11
Jul

### Understanding Pipe Dimensions

When you going to purchase pipes for your applications, the dealer or supplier ask which type of or what NPS & SCH of pipe dimensions? You know only Outside and Inside diameter. Then there is silence. You don’t know any of this, then supplier handover standard pipe charts to you, still you don’t know how to read, so we thought we would shed some light on the pipe chart you are viewing.

In Pipe chart, the first column is the “Size” which is Nominal Pipe Size (NPS). As per Wikipedia, Nominal Pipe Size (NPS) is the number that defines the size of the pipe. For example, when you say 10” (inch) pipe, means the 10” nominal pipe size of that pipe. The pipe dimensions have two non-dimensional numbers like Nominal Pipe Size (NPS) and Schedule (SCH).

Now, confused about Schedule (SCH), it is the way to indicate pipe wall thickness. It mainly depends on the ratio of service pressure in psi to allowable stress in psi. There is more confusion between these two numbers and actual pipe dimensions. If you asked for 2 inches 40 SCH pipe the actual diameter of the pipe is 2.375 inch and not 2 inches.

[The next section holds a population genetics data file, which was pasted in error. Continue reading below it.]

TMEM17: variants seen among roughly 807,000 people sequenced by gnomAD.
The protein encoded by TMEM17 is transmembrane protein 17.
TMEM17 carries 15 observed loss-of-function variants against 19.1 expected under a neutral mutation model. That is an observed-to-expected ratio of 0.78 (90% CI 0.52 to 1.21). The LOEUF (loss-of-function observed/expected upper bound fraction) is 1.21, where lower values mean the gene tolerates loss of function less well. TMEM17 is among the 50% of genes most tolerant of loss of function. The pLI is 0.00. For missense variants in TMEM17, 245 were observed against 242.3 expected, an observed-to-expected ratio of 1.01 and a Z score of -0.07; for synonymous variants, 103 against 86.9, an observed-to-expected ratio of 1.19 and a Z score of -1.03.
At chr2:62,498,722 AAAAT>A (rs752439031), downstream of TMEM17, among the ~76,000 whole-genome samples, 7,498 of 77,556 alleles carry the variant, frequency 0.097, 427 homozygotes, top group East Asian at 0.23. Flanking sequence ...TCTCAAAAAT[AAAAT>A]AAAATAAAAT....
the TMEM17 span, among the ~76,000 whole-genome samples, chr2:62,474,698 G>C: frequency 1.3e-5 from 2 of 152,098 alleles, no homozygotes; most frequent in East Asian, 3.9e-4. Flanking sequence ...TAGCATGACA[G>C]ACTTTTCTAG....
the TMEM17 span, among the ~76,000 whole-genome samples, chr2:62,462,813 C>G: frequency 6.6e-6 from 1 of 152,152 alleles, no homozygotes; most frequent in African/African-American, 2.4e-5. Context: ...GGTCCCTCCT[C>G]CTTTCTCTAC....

To explain how it works, you should keep some important points in mind i.e.

• NPS is not that related to inside diameter in inches but only for NPS 1/8” to NPS 12”
• For higher range, means more than 14”, NPS is equal to the outside diameter (OD) in inches.

Given, NPS, the outside diameter (OD) is constant and increasing wall thickness with an increase in Schedule (SCH). Given SCH, the outside diameter (OD) increases with increasing NPS however wall thickness may remain the same or increases. In this way this chart in documented.

There are various pipe dimensions schedule are used today include 40, 80 and 160. SCH 40 is dominating in an industry that doesn’t mean it is standard schedule dimensions. For NPS 12” and larger SCH 40 is variable wall thickness.

There are different standards for pipe schedule are available in the market, all are not identical. So, you will feel confused, so don’t worry keep one thing in mind that Schedule is used to indicated wall thickness. You get wall thickness from SCH and Outside Diameter from NPS then, you can easily calculate inside diameter of pipe using the following formula.

Pipe Inside Diameter = Pipe Outside Diameter – (2 x Pipe wall thickness)

For example, we select NPS 14” Schedule 40 Pipe, now we have to find the Inside diameter of the pipe.

Here you get the Outside Diameter of Pipe from NPS i.e. 14 = 14 inch & wall thickness from Schedule (SCH) i.e. 40 = 0.438 inch

To calculate inside diameter, we use the following formula

Pipe Inside Diameter = Pipe Outside Diameter – (2 x Pipe wall thickness)

After calculations, Pipe inside diameter = 13.124 inch